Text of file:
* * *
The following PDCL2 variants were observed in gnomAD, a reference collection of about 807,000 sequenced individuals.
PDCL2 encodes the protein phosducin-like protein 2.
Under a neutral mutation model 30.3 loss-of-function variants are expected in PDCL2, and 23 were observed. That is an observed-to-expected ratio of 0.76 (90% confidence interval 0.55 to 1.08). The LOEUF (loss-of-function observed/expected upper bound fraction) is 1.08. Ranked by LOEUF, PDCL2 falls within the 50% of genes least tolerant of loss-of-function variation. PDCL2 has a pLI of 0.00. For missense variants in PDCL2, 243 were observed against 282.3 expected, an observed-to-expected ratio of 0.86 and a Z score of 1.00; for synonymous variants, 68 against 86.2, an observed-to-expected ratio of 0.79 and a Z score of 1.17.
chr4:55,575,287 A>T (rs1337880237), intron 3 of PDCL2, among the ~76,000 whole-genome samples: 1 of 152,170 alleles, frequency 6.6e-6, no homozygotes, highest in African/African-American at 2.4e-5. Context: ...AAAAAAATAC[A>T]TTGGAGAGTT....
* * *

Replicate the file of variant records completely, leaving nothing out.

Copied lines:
The following PDCL2 variants were observed in gnomAD, a reference collection of about 807,000 sequenced individuals.
PDCL2 encodes the protein phosducin-like protein 2.
Under a neutral mutation model 30.3 loss-of-function variants are expected in PDCL2, and 23 were observed. That is an observed-to-expected ratio of 0.76 (90% confidence interval 0.55 to 1.08). The LOEUF (loss-of-function observed/expected upper bound fraction) is 1.08. Ranked by LOEUF, PDCL2 falls within the 50% of genes least tolerant of loss-of-function variation. PDCL2 has a pLI of 0.00. For missense variants in PDCL2, 243 were observed against 282.3 expected, an observed-to-expected ratio of 0.86 and a Z score of 1.00; for synonymous variants, 68 against 86.2, an observed-to-expected ratio of 0.79 and a Z score of 1.17.
chr4:55,575,287 A>T (rs1337880237), intron 3 of PDCL2, among the ~76,000 whole-genome samples: 1 of 152,170 alleles, frequency 6.6e-6, no homozygotes, highest in African/African-American at 2.4e-5. Context: ...AAAAAAATAC[A>T]TTGGAGAGTT....